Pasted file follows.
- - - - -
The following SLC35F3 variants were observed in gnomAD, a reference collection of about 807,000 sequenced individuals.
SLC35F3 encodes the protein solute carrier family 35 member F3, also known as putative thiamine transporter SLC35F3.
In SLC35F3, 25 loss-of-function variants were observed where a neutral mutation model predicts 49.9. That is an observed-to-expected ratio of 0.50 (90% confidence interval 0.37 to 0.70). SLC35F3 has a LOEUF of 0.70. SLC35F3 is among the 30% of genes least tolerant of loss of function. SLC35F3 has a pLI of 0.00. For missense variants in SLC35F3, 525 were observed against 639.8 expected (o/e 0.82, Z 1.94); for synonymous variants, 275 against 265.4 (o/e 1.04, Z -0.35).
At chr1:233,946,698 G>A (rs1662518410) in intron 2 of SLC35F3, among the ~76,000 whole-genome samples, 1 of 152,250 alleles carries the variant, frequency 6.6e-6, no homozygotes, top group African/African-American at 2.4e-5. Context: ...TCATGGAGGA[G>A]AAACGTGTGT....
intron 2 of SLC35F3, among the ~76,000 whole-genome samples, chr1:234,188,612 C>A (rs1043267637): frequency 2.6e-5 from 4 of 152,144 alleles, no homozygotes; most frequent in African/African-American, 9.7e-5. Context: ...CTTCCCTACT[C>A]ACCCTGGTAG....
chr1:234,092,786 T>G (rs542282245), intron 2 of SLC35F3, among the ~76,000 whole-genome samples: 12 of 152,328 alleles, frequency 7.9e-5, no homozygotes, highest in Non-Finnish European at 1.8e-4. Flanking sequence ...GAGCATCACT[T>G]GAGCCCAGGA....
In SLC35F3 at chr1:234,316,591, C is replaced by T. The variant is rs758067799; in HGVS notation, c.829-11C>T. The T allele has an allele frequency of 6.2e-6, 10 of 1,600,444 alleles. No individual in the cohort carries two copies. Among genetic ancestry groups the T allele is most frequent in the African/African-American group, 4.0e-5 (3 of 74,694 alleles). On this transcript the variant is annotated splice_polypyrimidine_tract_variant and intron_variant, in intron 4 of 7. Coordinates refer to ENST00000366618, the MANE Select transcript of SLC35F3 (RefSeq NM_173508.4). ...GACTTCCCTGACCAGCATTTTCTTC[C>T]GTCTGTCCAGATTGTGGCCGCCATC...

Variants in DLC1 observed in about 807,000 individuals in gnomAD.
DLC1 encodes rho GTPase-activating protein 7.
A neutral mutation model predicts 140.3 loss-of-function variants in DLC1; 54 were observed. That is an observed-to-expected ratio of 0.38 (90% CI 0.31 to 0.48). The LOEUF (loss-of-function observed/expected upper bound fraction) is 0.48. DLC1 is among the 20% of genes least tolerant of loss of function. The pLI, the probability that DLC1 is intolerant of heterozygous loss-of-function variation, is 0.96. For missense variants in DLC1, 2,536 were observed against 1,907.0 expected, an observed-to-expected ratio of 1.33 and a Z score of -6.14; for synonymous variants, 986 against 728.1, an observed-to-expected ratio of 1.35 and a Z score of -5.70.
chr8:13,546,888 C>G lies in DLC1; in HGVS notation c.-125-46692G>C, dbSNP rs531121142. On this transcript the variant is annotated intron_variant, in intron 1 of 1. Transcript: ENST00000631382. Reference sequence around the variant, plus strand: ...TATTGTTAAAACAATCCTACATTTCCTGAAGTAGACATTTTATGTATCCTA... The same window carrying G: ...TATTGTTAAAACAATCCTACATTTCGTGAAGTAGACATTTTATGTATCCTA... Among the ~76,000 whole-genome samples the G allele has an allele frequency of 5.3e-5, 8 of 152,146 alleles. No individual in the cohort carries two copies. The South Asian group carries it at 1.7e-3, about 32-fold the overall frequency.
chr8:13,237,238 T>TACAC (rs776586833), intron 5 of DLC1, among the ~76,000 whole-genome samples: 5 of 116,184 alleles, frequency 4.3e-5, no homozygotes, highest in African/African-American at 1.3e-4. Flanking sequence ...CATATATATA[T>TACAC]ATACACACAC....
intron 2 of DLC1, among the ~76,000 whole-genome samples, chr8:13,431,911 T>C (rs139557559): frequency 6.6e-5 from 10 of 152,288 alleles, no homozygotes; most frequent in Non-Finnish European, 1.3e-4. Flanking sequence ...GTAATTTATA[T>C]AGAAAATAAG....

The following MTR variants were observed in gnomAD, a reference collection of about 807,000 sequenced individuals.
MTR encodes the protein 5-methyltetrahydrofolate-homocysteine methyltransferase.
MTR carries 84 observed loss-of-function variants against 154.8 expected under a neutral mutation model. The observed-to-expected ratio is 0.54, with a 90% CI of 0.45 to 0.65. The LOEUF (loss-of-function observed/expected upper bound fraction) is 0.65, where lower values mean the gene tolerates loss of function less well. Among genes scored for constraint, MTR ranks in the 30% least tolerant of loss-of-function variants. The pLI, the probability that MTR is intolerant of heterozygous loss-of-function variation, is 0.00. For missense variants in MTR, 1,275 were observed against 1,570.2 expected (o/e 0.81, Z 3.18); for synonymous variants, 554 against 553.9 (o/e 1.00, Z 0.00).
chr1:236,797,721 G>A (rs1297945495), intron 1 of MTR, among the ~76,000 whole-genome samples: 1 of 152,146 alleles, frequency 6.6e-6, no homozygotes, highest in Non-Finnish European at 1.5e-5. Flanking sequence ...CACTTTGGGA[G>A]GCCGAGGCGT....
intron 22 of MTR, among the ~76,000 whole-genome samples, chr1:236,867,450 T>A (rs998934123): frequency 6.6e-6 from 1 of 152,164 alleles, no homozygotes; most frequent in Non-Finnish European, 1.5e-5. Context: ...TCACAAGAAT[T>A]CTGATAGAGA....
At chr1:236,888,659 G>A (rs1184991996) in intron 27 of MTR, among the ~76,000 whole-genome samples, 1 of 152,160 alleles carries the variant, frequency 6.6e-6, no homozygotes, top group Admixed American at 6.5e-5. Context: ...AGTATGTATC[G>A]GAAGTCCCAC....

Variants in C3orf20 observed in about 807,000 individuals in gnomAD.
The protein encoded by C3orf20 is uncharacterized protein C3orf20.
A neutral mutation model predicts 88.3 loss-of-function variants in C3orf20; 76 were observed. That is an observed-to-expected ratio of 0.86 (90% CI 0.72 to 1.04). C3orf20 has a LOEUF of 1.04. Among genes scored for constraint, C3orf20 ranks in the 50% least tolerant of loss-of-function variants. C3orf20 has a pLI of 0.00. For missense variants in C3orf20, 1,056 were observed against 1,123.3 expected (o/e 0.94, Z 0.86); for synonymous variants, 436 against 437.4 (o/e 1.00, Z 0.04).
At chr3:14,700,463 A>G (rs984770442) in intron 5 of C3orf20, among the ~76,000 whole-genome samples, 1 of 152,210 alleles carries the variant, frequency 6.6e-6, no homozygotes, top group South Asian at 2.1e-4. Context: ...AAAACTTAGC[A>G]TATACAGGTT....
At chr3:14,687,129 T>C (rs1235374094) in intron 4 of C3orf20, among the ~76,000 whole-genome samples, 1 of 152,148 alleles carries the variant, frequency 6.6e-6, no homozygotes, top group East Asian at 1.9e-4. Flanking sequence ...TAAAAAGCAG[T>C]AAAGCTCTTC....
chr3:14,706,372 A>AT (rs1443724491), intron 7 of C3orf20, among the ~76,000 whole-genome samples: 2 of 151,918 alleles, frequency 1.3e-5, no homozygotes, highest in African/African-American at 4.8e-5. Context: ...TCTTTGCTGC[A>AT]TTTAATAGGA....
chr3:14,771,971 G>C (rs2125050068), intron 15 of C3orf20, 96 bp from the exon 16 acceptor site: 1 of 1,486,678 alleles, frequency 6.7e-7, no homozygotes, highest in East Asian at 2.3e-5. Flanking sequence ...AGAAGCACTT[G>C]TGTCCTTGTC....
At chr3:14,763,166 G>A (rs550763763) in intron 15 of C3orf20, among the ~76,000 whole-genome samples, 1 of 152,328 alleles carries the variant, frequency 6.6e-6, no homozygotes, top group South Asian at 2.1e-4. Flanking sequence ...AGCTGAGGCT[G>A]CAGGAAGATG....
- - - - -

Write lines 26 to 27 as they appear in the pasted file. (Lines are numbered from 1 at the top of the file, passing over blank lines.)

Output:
chr3:14,771,971 G>C (rs2125050068), intron 15 of C3orf20, 96 bp from the exon 16 acceptor site: 1 of 1,486,678 alleles, frequency 6.7e-7, no homozygotes, highest in East Asian at 2.3e-5. Flanking sequence ...AGAAGCACTT[G>C]TGTCCTTGTC....
At chr3:14,763,166 G>A (rs550763763) in intron 15 of C3orf20, among the ~76,000 whole-genome samples, 1 of 152,328 alleles carries the variant, frequency 6.6e-6, no homozygotes, top group South Asian at 2.1e-4. Flanking sequence ...AGCTGAGGCT[G>A]CAGGAAGATG....